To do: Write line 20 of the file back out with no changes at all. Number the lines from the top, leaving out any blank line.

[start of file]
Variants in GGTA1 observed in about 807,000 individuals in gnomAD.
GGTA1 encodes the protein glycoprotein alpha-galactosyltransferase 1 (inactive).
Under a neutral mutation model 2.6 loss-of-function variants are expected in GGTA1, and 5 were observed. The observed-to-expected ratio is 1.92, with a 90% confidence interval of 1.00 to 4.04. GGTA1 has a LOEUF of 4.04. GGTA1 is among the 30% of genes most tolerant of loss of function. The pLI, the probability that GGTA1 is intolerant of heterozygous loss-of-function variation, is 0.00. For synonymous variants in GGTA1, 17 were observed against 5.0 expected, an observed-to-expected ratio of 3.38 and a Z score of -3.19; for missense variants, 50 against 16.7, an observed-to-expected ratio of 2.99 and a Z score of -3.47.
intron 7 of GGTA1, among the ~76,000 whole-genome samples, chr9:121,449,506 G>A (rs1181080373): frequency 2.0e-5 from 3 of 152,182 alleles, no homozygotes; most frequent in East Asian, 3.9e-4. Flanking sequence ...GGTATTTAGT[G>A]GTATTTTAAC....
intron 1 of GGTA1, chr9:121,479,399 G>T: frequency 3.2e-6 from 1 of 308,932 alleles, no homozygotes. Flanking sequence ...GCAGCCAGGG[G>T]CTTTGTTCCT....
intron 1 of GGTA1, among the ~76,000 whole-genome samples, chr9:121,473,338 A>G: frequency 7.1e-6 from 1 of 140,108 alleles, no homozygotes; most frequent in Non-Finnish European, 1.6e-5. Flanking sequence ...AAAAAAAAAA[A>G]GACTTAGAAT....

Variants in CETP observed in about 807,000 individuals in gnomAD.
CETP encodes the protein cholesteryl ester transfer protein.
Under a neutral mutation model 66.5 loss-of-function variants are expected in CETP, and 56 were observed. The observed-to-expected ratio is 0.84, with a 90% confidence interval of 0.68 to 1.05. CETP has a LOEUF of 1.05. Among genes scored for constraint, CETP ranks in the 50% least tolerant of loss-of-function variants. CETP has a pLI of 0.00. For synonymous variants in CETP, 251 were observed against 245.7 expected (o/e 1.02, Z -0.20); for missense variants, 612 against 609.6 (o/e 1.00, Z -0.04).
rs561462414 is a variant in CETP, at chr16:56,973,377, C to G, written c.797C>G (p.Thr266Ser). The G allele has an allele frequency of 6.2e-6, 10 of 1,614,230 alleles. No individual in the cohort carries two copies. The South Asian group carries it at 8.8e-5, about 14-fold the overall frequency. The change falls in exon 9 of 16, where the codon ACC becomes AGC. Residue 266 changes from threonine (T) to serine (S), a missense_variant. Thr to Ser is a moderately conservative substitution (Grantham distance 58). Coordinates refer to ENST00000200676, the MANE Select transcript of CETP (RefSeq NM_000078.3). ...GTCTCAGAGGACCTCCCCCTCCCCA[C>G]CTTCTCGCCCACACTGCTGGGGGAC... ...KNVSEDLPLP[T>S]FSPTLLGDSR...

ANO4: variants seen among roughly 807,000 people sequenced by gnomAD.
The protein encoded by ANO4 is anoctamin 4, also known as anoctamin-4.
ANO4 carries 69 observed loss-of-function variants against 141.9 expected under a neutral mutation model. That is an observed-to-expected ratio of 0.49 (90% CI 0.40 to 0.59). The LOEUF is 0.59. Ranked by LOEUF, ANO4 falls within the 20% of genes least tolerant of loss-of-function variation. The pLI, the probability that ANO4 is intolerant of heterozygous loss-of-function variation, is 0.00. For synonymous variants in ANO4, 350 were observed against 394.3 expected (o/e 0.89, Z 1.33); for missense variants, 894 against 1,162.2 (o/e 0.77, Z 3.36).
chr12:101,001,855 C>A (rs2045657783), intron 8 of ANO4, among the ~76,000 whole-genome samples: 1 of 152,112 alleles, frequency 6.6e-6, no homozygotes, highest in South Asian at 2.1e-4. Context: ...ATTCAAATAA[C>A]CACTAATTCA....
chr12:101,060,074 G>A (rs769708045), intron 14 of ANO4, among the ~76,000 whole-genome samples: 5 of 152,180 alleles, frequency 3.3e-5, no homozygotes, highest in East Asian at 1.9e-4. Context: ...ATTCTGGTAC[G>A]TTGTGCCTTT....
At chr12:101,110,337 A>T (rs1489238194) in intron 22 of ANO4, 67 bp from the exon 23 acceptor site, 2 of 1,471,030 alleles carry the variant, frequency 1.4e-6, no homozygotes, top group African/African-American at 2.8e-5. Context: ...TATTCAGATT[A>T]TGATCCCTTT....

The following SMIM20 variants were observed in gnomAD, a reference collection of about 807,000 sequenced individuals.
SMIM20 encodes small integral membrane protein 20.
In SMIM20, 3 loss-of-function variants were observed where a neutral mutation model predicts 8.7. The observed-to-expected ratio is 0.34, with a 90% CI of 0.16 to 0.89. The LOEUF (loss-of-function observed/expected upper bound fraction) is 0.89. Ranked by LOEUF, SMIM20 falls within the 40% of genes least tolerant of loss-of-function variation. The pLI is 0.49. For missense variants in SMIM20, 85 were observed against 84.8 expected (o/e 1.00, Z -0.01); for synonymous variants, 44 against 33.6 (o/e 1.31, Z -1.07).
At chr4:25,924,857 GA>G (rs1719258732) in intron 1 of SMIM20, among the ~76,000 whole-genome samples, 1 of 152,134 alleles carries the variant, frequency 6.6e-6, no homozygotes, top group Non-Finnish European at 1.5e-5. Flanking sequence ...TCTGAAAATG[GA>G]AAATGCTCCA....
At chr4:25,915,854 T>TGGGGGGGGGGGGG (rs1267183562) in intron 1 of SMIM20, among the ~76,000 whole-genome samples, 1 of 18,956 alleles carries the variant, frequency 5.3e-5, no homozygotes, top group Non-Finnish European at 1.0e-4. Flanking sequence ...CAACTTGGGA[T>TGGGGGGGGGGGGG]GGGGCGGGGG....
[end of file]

At chr4:25,924,857 GA>G (rs1719258732) in intron 1 of SMIM20, among the ~76,000 whole-genome samples, 1 of 152,134 alleles carries the variant, frequency 6.6e-6, no homozygotes, top group Non-Finnish European at 1.5e-5. Flanking sequence ...TCTGAAAATG[GA>G]AAATGCTCCA....